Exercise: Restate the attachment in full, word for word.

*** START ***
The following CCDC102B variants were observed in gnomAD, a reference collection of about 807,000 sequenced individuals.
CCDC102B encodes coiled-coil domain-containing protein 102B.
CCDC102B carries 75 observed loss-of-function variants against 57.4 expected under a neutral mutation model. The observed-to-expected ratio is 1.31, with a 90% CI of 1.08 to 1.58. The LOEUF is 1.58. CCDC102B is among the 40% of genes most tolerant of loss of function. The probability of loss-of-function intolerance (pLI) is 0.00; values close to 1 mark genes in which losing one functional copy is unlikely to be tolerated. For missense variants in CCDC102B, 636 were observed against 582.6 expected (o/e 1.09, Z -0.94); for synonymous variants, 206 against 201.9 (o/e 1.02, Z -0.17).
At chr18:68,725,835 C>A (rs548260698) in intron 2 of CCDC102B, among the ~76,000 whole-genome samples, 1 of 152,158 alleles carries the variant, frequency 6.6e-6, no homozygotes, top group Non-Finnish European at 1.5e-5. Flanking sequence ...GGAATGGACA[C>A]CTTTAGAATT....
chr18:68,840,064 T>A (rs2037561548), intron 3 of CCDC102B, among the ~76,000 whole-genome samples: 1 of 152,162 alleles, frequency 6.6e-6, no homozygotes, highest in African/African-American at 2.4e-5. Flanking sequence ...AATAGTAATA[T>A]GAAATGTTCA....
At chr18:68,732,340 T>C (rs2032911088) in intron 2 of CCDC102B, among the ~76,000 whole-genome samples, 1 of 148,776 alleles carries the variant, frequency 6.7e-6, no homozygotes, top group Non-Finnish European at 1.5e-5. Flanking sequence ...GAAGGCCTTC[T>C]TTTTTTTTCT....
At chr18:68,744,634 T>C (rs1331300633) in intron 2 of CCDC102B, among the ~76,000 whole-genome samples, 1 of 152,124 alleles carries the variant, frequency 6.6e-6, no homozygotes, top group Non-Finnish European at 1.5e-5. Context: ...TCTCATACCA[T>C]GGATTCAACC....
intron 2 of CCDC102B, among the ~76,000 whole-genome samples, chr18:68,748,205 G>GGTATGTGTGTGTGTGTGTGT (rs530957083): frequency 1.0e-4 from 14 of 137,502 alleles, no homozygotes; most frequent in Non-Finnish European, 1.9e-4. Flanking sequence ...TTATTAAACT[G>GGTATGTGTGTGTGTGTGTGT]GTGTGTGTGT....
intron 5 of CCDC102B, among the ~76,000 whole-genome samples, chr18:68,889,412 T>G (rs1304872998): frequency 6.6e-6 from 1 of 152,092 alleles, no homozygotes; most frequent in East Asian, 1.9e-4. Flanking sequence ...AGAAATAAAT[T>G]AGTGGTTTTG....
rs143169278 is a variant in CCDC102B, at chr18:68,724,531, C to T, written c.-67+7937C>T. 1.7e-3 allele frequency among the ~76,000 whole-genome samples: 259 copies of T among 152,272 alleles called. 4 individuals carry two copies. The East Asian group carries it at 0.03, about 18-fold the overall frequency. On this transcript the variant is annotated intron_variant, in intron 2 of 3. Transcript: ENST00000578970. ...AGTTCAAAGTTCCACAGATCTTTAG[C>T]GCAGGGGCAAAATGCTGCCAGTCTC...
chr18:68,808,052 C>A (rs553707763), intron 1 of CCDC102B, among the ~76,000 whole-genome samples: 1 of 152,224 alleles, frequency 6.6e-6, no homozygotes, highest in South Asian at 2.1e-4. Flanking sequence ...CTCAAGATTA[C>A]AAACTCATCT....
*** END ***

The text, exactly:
The following CCDC102B variants were observed in gnomAD, a reference collection of about 807,000 sequenced individuals.
CCDC102B encodes coiled-coil domain-containing protein 102B.
CCDC102B carries 75 observed loss-of-function variants against 57.4 expected under a neutral mutation model. The observed-to-expected ratio is 1.31, with a 90% CI of 1.08 to 1.58. The LOEUF is 1.58. CCDC102B is among the 40% of genes most tolerant of loss of function. The probability of loss-of-function intolerance (pLI) is 0.00; values close to 1 mark genes in which losing one functional copy is unlikely to be tolerated. For missense variants in CCDC102B, 636 were observed against 582.6 expected (o/e 1.09, Z -0.94); for synonymous variants, 206 against 201.9 (o/e 1.02, Z -0.17).
At chr18:68,725,835 C>A (rs548260698) in intron 2 of CCDC102B, among the ~76,000 whole-genome samples, 1 of 152,158 alleles carries the variant, frequency 6.6e-6, no homozygotes, top group Non-Finnish European at 1.5e-5. Flanking sequence ...GGAATGGACA[C>A]CTTTAGAATT....
chr18:68,840,064 T>A (rs2037561548), intron 3 of CCDC102B, among the ~76,000 whole-genome samples: 1 of 152,162 alleles, frequency 6.6e-6, no homozygotes, highest in African/African-American at 2.4e-5. Flanking sequence ...AATAGTAATA[T>A]GAAATGTTCA....
At chr18:68,732,340 T>C (rs2032911088) in intron 2 of CCDC102B, among the ~76,000 whole-genome samples, 1 of 148,776 alleles carries the variant, frequency 6.7e-6, no homozygotes, top group Non-Finnish European at 1.5e-5. Flanking sequence ...GAAGGCCTTC[T>C]TTTTTTTTCT....
At chr18:68,744,634 T>C (rs1331300633) in intron 2 of CCDC102B, among the ~76,000 whole-genome samples, 1 of 152,124 alleles carries the variant, frequency 6.6e-6, no homozygotes, top group Non-Finnish European at 1.5e-5. Context: ...TCTCATACCA[T>C]GGATTCAACC....
intron 2 of CCDC102B, among the ~76,000 whole-genome samples, chr18:68,748,205 G>GGTATGTGTGTGTGTGTGTGT (rs530957083): frequency 1.0e-4 from 14 of 137,502 alleles, no homozygotes; most frequent in Non-Finnish European, 1.9e-4. Flanking sequence ...TTATTAAACT[G>GGTATGTGTGTGTGTGTGTGT]GTGTGTGTGT....
intron 5 of CCDC102B, among the ~76,000 whole-genome samples, chr18:68,889,412 T>G (rs1304872998): frequency 6.6e-6 from 1 of 152,092 alleles, no homozygotes; most frequent in East Asian, 1.9e-4. Flanking sequence ...AGAAATAAAT[T>G]AGTGGTTTTG....
rs143169278 is a variant in CCDC102B, at chr18:68,724,531, C to T, written c.-67+7937C>T. 1.7e-3 allele frequency among the ~76,000 whole-genome samples: 259 copies of T among 152,272 alleles called. 4 individuals carry two copies. The East Asian group carries it at 0.03, about 18-fold the overall frequency. On this transcript the variant is annotated intron_variant, in intron 2 of 3. Transcript: ENST00000578970. ...AGTTCAAAGTTCCACAGATCTTTAG[C>T]GCAGGGGCAAAATGCTGCCAGTCTC...
chr18:68,808,052 C>A (rs553707763), intron 1 of CCDC102B, among the ~76,000 whole-genome samples: 1 of 152,224 alleles, frequency 6.6e-6, no homozygotes, highest in South Asian at 2.1e-4. Flanking sequence ...CTCAAGATTA[C>A]AAACTCATCT....